Although a number of signal distribution systems may be used, as described hereinabove, preferably the signals are transmitted over a signal distribution system that utilizes fibre optic cabling. Using this method of device connection provides a low cost and effective means for data transmission. However, in another embodiment of the system, signals can be transmitted over coaxial cable, Unshielded Twisted Pair (UTP) cable or wire, shielded cable, or wireless transmission methods.

While the methods and apparatus of the present invention have general utility in a variety of applications, it is of primary importance that the data transmission methods and apparatus of the present invention allow for compliance with the USB Specification (with the exception of the distance requirements). In one embodiment, the original signal from the host controller is a request for data from a peripheral device. The peripheral devices can include devices selected from cameras, keyboards, mice, monitors, speakers, and the like.

For time relevant (isochronous) data streams, and in particular, during operations utilizing the methods and apparatus of the present invention in applications involving extended range transmissions, it is preferred that the apparatus be capable of recognizing isochronous transfers, when they are received. The data contained within the isochronous transfer is then stored within the system for a period of time.

Preferably, the data that is received during a particular time period may be stored and then transmitted in a following time period. Additionally, a further preferred embodiment of the present invention is that isochronous transfers originating from a plurality of sources may be stored, and retransmitted.

In the operation of a preferred embodiment of the current invention, a host controller (which preferably is a PC) may issue a request to a device for the transfer of isochronous data. The request is received by the apparatus of the present invention, and retransmitted to the target device. When the requested isochronous transfer response is received by the apparatus from the target device, the isochronous data is stored within the internal memory of the apparatus. During a subsequent time period, the host controller will again issue a request to the target device for the transfer of isochronous data. The apparatus will again retransmit this request to the target device. In addition, however, the apparatus recognizes that it currently has isochronous data from the target device stored in its internal memory. The apparatus sends this data to the host controller within the 16 full-speed bit-time margin in the case of a full-speed bus (or within the 736 high-speed bit-time margin in the case of a high-speed bus) relevant to the current request within the time period. In this manner, the apparatus uses data collected in a previous time period to satisfy the response time requirement of a current time period.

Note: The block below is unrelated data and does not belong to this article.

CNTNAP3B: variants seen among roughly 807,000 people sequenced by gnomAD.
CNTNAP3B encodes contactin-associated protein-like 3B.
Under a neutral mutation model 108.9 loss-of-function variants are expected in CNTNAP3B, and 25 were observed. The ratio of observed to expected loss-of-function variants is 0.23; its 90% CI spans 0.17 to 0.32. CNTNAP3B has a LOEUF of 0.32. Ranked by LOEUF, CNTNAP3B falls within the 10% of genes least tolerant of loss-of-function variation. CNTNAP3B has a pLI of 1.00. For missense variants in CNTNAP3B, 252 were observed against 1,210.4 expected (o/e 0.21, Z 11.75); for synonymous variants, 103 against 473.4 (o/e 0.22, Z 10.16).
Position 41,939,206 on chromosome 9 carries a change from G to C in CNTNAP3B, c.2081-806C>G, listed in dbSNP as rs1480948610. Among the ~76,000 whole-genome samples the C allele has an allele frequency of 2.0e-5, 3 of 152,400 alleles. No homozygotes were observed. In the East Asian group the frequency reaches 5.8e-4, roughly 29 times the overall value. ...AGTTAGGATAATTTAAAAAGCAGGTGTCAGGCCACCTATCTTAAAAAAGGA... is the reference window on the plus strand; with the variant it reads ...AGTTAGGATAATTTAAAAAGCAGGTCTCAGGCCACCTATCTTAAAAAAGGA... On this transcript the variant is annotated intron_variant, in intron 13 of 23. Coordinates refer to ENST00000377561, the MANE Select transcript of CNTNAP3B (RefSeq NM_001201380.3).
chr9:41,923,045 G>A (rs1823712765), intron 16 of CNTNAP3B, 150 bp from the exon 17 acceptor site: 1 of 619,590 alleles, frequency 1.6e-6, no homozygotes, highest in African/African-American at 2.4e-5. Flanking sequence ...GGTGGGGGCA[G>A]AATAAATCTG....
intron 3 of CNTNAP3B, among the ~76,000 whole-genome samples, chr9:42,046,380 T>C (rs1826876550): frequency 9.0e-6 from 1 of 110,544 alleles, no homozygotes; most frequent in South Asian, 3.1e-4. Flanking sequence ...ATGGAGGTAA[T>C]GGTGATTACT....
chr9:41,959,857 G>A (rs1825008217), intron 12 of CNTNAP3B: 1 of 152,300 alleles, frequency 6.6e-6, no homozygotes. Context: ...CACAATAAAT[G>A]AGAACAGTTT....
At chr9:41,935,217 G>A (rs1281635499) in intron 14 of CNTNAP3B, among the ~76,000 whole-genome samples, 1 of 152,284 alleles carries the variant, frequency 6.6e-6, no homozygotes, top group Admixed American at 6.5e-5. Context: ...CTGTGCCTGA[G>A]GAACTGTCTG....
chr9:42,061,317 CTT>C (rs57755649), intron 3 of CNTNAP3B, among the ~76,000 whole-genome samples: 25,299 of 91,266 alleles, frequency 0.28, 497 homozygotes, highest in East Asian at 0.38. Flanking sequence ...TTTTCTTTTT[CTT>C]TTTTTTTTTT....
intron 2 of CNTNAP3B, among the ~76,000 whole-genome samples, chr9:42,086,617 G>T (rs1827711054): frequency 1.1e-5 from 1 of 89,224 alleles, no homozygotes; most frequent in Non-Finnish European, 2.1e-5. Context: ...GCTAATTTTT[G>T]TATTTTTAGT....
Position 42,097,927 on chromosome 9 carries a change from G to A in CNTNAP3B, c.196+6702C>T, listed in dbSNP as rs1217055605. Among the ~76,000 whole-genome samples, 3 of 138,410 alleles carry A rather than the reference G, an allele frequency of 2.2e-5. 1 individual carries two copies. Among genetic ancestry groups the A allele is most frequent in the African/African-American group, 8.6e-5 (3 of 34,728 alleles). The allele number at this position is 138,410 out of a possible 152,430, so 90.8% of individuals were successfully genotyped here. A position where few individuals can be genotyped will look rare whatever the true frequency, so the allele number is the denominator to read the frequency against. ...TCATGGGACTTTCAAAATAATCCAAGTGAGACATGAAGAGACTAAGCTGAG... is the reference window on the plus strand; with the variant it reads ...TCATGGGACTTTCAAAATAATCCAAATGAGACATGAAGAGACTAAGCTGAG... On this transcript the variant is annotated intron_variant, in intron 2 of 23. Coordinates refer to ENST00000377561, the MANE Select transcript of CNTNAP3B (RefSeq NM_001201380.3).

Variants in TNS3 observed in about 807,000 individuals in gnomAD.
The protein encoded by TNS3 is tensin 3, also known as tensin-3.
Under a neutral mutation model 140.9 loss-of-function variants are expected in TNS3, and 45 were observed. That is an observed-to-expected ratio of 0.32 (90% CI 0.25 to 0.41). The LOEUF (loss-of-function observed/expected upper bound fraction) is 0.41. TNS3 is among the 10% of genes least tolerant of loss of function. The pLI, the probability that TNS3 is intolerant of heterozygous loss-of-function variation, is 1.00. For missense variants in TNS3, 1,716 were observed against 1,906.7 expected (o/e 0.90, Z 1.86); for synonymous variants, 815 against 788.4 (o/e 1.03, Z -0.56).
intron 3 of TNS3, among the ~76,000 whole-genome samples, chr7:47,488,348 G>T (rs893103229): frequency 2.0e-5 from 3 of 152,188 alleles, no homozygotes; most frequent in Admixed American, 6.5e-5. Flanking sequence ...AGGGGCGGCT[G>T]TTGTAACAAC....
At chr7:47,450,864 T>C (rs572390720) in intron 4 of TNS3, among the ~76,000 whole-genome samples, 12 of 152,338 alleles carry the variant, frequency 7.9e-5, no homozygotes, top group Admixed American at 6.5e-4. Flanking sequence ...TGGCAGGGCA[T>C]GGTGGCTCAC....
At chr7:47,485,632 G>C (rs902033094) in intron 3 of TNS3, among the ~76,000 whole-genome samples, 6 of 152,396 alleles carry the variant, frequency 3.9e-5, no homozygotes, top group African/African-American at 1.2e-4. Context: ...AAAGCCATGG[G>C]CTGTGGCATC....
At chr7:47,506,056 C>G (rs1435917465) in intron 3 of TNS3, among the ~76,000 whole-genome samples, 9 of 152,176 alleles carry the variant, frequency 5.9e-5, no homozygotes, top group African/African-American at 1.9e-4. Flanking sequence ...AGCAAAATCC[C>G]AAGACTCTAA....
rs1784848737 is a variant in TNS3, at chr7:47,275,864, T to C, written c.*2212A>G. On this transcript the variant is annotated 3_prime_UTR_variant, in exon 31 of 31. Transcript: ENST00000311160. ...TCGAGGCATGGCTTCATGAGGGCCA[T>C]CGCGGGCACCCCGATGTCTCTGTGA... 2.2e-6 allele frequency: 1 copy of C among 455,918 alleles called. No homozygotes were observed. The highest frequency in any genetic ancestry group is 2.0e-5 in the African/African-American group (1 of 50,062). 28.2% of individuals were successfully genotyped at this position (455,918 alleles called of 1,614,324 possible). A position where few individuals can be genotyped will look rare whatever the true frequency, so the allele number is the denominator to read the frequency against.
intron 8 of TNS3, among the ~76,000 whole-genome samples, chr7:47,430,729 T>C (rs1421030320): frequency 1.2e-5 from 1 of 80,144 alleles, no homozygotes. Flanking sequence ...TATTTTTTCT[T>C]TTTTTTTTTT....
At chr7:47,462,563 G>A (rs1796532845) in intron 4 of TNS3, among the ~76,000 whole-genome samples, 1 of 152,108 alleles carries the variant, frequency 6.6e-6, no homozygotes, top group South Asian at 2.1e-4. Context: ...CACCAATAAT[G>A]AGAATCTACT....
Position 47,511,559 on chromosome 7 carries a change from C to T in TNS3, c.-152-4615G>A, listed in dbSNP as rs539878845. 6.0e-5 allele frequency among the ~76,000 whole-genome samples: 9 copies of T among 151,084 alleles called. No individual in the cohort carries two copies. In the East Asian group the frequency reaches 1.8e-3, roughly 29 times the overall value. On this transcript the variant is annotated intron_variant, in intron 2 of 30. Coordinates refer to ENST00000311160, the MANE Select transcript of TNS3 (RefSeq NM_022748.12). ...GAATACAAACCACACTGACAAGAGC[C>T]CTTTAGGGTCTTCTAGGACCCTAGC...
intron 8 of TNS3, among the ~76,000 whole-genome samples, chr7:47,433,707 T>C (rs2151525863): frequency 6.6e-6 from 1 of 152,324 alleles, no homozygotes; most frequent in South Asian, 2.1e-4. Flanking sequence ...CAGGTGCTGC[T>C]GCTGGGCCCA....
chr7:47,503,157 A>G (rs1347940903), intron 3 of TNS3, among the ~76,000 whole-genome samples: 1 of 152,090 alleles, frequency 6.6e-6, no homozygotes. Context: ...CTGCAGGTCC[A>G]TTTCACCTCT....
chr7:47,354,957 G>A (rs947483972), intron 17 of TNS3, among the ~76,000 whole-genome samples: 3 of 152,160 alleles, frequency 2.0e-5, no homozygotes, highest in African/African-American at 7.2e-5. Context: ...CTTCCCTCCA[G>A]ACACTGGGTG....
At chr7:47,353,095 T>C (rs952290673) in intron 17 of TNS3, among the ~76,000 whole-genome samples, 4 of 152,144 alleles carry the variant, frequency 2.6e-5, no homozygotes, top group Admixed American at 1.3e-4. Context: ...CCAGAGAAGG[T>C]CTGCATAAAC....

For time relevant data streams, the term “time period” preferably refers to a single “frame” (1 ms) in the case of a full-speed bus or “microframe” (125 μs) in the case of a high-speed bus, as defined in the USB Specification.

When a packet is received from the target device, and no further request for data is received from the host controller, the last data packet or packets received and stored (hereinafter the “vestigial” packets) are preferably removed from the system so that they are not transmitted when and if a further request is received from the host controller. Preferably, this is achieved by modification of the method described hereinabove by additionally comprising the following stages, namely:

    • i) Detecting when a new time period has begun;
    • ii) Examining the properties of each packet buffer;
    • iii) Determining whether the data packet contained in said examined packet buffer has been stored for at least the duration of one complete time period;
    • iv) Discarding said contained data packet if said contained data packet has been stored for the duration of at least one complete time period; and
    • v) Repeating steps i) through iv) for each packet buffer in the system.

In an alternative embodiment of the invention, the apparatus handles the first request for the inbound transfer of isochronous data in a unique manner. This unique manner requires the apparatus to generate its own synthetic inbound data packet.

It is possible that packets sent from the Remote Expander may not arrive at the Local Expander In the order expected by the Local Expander. In order to avoid difficulties that might be caused by this occurrence, the method of the present invention also preferably comprises the following stages, namely: